Opening up the tournament is BiE’s own (slightly modified) Dream Team Europe, who hosts that original dream team, the 1960 Team USA squad that destroyed all comers in the Olympic Games that year.
Taking a brief look at the rosters before game time, BiE noted that while the 60s were bringing a fearsome twin towers setup of Wilt Chamberlain and Bill Russell, the real advantage might be in the backcourt: Dream Team Europe is really bringing only two pure point guards in Tony Parker and Sarunas Jasikevicius, while Hall of Famers Jerry West and Bob Cousy are just the beginning of a deep collection of guards.
And would anyone be able to stop Mr. Triple Double himself, Oscar Robertson? Official game writeup follows the break.
Dream Team Europe came alive in the second half while the 1960 bunch suffered from gaunt outside shooting for a 107-106 Continental win in the opening of the Festivus Invitational. (Link to boxscore expires in 90 days and thus will be unable from April or so.)
In contrast to the game’s finish, the 1960 guards controlled the game early. Team USA’s first 11 points all had Jerry West and/or Adrian Smith scoring or assisting; the 60s had gotten out to an 11-7 lead and Oscar Robertson hadn’t even gotten involved yet. Toni Kukoc and Tony Parker then went on an unanswered six-point run to give Europe its last lead of the game for some time at 13-11.The Big O-Logo duel then led the old guys on a tear, extending the lead out to eight at 23-15 and finished off the first quarter with a 33-24 lead.
Save for a two-minute scoring drought highlighted by some monstrous defense, especially on the parts of Arvydas Sabonis and Pau Gasol splitting time at center, the teams essentially traded baskets for much of the second quarter. Despite Sabonis’ five rebounds and two blocks of Robertson, Dream Team Europe saw Team USA’s lead extended to 62-46; Europe had gone just 7-of-18 for the quarter – and this after starting 4-of-5.
And just to make matters more ignominious for the Europeans, the half ended with a travelling call on Dino Radja.
Alexander Gomelsky sent his team out with clear instructions: Stay out of Chamberlain and Russell’s domain in the middle. No matter; Wilt the Stilt managed to block a Kukoc fadeaway 11 feet out. But once the 60s went up 66-48, Europe started coming back. Drawing three straight fouls on the outside were Dirk Nowitzki, Parker and Kukoc in turn. After contributions from Sarunas Marciulionis and Kukoc again, Andrei Kirilenko’s sweet jam on the feed from Sarunas Jasikevicius made it 68-60 to Team USA.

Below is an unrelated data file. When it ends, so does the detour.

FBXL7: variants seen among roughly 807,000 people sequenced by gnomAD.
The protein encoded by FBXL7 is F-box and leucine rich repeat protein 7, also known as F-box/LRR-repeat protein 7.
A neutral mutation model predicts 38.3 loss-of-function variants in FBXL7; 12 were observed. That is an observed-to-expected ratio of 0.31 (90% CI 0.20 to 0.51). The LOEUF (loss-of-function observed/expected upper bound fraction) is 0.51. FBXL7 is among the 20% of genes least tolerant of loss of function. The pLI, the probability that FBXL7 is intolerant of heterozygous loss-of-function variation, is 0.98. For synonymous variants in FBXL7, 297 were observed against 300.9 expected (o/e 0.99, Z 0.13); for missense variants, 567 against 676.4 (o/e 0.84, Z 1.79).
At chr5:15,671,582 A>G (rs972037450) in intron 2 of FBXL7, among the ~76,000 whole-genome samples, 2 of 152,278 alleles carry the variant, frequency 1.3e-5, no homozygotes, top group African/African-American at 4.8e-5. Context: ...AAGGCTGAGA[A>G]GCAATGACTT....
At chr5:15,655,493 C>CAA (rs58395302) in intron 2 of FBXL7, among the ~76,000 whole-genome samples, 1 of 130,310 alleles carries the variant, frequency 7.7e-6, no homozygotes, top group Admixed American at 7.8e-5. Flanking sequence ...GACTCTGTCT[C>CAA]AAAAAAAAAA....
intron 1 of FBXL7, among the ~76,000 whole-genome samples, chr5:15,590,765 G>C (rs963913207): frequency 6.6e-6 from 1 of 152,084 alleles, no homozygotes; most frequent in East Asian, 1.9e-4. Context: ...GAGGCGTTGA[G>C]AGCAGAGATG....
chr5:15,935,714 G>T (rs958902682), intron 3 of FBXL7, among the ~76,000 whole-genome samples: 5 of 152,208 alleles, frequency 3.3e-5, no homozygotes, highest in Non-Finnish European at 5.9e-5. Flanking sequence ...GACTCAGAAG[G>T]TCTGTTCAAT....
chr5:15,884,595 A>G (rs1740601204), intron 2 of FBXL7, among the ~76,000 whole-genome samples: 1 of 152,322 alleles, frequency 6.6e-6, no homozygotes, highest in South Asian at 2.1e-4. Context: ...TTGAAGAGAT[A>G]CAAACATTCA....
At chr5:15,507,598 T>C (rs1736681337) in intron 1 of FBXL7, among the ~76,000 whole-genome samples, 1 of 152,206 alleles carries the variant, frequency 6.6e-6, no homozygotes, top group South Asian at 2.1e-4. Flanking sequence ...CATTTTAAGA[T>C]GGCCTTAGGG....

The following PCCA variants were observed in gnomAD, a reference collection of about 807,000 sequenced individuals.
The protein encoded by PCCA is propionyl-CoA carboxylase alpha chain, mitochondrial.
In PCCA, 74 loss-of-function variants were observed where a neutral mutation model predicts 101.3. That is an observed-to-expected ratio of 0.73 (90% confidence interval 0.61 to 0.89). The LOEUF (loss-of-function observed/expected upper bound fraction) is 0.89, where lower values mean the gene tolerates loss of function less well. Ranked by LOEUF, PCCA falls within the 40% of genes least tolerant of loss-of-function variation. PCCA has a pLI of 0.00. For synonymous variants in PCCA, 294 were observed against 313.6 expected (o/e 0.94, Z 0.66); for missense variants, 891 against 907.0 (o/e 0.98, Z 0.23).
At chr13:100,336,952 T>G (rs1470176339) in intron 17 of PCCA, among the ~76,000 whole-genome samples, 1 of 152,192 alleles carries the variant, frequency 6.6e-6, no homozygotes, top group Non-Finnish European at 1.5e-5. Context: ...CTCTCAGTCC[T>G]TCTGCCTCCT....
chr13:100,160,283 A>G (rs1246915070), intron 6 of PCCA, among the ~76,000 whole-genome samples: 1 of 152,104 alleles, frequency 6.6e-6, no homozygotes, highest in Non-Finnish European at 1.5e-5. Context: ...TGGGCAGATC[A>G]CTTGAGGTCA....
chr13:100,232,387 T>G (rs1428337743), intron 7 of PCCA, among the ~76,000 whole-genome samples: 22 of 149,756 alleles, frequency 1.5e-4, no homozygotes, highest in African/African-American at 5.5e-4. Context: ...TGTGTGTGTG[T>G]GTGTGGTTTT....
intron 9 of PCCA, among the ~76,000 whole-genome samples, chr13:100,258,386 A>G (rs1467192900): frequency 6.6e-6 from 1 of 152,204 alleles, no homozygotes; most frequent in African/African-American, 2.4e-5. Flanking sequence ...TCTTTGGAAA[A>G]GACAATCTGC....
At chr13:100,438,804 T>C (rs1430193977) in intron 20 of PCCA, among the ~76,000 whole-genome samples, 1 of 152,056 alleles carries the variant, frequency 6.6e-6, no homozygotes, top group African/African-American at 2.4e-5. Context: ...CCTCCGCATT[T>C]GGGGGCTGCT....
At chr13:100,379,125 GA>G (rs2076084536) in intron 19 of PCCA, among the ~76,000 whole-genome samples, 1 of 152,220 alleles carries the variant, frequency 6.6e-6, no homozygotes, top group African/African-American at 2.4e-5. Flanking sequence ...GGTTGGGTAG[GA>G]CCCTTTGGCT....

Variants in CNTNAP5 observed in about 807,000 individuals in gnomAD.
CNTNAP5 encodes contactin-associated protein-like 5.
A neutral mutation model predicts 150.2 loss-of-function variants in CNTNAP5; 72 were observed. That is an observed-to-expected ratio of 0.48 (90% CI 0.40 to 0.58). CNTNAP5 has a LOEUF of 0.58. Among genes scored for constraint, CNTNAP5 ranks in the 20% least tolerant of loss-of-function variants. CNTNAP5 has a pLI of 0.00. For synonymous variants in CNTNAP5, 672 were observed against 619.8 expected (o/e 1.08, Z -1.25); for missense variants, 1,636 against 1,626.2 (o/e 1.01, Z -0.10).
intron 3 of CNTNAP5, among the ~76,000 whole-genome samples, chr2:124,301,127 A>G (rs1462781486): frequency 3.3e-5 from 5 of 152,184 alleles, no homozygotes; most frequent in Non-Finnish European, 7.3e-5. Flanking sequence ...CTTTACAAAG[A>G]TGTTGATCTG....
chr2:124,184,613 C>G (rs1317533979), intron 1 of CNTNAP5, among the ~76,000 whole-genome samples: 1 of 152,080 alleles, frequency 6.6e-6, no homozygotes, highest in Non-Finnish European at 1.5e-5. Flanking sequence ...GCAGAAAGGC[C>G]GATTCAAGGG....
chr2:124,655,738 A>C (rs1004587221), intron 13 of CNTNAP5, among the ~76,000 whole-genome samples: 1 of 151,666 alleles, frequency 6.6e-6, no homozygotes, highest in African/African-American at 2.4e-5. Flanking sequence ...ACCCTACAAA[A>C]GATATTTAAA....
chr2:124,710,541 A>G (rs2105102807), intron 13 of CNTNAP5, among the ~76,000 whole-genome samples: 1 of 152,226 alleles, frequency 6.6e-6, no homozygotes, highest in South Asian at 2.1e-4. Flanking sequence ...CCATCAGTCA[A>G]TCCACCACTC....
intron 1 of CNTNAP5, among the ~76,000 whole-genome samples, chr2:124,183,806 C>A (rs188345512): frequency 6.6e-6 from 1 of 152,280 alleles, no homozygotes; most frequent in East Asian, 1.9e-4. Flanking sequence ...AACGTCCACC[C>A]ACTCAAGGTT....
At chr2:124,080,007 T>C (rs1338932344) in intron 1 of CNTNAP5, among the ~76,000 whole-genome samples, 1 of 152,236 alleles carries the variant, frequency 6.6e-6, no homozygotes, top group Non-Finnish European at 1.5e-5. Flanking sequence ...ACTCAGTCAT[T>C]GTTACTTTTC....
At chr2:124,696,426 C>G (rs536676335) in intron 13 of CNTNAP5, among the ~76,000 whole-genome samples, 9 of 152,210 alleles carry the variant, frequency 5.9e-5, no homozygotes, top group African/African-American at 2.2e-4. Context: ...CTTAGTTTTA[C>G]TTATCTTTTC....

West again took over for the 60s, putting in seven points and an assist within a 13-2 run. Going into the fourth quarter, it was 84-71; no one, however, not even Team USA coach Red Auerbach were ready for the aerial assault the Europeans were ready to launch in the final stanza.
Sabonis’ emphatic slam with 7:26 remaining marked the first attempt Europe had made in the quarter either from inside the paint or beyond the arc. With a steady diet of close jumpers from everyone – Parker, Nowitzki, Petrovic, Peja Stojakovic, Gasol, Kukoc – Dream Team Europe narrowed the gap to 96-89.
Better yet, Europe soon received its Festivus present: Chamberlain and West going cold. Each missed three shots, Chamberlain’s a result of some great Nowitzki defense (really), and after Parker zipped one right past a fooled West to feed Kukoc for a layup, the Dream Team had knotted up the score at 102 with 1:36 remaining.
In response, West ran down the clock 20 seconds before whiffing on a three-ball, but Wilt beat Dirk and Divac for the board. His own little turnaround also missed, only to be scooped up by Robertson and with the European big man out of position was able to sink the follow off the glass. 1960 Team USA 104, Dream Team Europe 102.
Gomelsky took a time out to sent in options for Petrovic, Kukoc or Parker to shoot from near the perimeter. Eventually, Kukoc was able to draw Parker’s man away and Team France’s hero connected for an and-one. One free throw later and Dream Team Europe had its first lead in 42 minutes.No way were the 60s done, though. Burning just four seconds off the clock, it was Robertson again for two from the right side and another Team USA lead at 106-105.
In the end, though, the hero would be Drazen Petrovic. After eating up 22 seconds, Parker dished one out to the Croatian Jordan, who gave Adrian Smith the Craig Ehlo treatment for the 107-106 lead. Finally, Robertson held the ball a bit too long when the 60s took possession – certainly enough to draw Nowitzki over and the double-team of the German with Petrovic was enough to make the Big O’s shot go amiss.
Parker was named Player of the Game for his 22 points and 10 assists. Four other Dream Team Europeans scored in double figures, as Kukoc and Stojakovic went for 15 apiece; Kukoc also grabbed nine rebounds and gave out eight assists. Marciulionis and Petrovic were each good for 12.
For the 60s, Robertson contributed his usual monster stat line with 22 points, 12 rebounds and nine assists to his credit. West added 20, but together with Smith and Cousy, the big three guards for Team USA went just 13-of-35 on shooting.
Tonight’s game: The 21st Century Dream Team vs. the All-Time Toronto Raptors.
Tags: Adrian Smith, Alexander Gomelsky, Andrei Kirilenko, Arvydas Sabonis, Bill Russell, Bob Cousy, Craig Ehlo, Dino Radja, Dirk Nowitzki, Drazen Petrovic, dream teams, Jerry West, Oscar Robertson, Pau Gasol, Peja Stojakovic, Red Auerbach, Sarunas Jasikevicius, Sarunas Marciulionis, Toni Kukoc, Tony Parker, Wilt Chamberlain